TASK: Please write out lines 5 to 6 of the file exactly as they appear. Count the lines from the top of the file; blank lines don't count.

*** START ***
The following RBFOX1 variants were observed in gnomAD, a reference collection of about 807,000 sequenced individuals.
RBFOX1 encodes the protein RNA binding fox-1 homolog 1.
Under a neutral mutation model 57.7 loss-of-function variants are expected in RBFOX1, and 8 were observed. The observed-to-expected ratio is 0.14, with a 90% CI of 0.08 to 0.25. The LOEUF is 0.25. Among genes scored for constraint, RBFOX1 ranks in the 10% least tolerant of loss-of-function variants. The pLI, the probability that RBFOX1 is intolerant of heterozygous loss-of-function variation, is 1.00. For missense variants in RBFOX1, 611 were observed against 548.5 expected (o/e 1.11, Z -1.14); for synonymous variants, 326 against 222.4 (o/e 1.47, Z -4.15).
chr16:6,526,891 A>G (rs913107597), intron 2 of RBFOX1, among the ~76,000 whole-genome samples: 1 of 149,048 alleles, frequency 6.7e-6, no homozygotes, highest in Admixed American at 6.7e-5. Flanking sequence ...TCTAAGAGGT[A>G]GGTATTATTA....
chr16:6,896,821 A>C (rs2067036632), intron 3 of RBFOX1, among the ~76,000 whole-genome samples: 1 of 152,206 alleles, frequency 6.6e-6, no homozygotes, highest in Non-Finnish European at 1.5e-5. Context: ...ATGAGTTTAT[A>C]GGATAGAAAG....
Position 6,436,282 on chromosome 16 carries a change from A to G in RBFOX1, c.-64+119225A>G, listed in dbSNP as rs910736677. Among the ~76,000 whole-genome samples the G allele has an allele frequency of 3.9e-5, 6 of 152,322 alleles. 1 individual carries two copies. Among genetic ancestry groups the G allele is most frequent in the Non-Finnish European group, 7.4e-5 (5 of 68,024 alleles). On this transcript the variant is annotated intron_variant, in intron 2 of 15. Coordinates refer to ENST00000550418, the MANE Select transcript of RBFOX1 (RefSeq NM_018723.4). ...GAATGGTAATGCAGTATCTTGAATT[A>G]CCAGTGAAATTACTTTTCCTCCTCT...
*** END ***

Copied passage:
chr16:6,896,821 A>C (rs2067036632), intron 3 of RBFOX1, among the ~76,000 whole-genome samples: 1 of 152,206 alleles, frequency 6.6e-6, no homozygotes, highest in Non-Finnish European at 1.5e-5. Context: ...ATGAGTTTAT[A>C]GGATAGAAAG....
Position 6,436,282 on chromosome 16 carries a change from A to G in RBFOX1, c.-64+119225A>G, listed in dbSNP as rs910736677. Among the ~76,000 whole-genome samples the G allele has an allele frequency of 3.9e-5, 6 of 152,322 alleles. 1 individual carries two copies. Among genetic ancestry groups the G allele is most frequent in the Non-Finnish European group, 7.4e-5 (5 of 68,024 alleles). On this transcript the variant is annotated intron_variant, in intron 2 of 15. Coordinates refer to ENST00000550418, the MANE Select transcript of RBFOX1 (RefSeq NM_018723.4). ...GAATGGTAATGCAGTATCTTGAATT[A>G]CCAGTGAAATTACTTTTCCTCCTCT...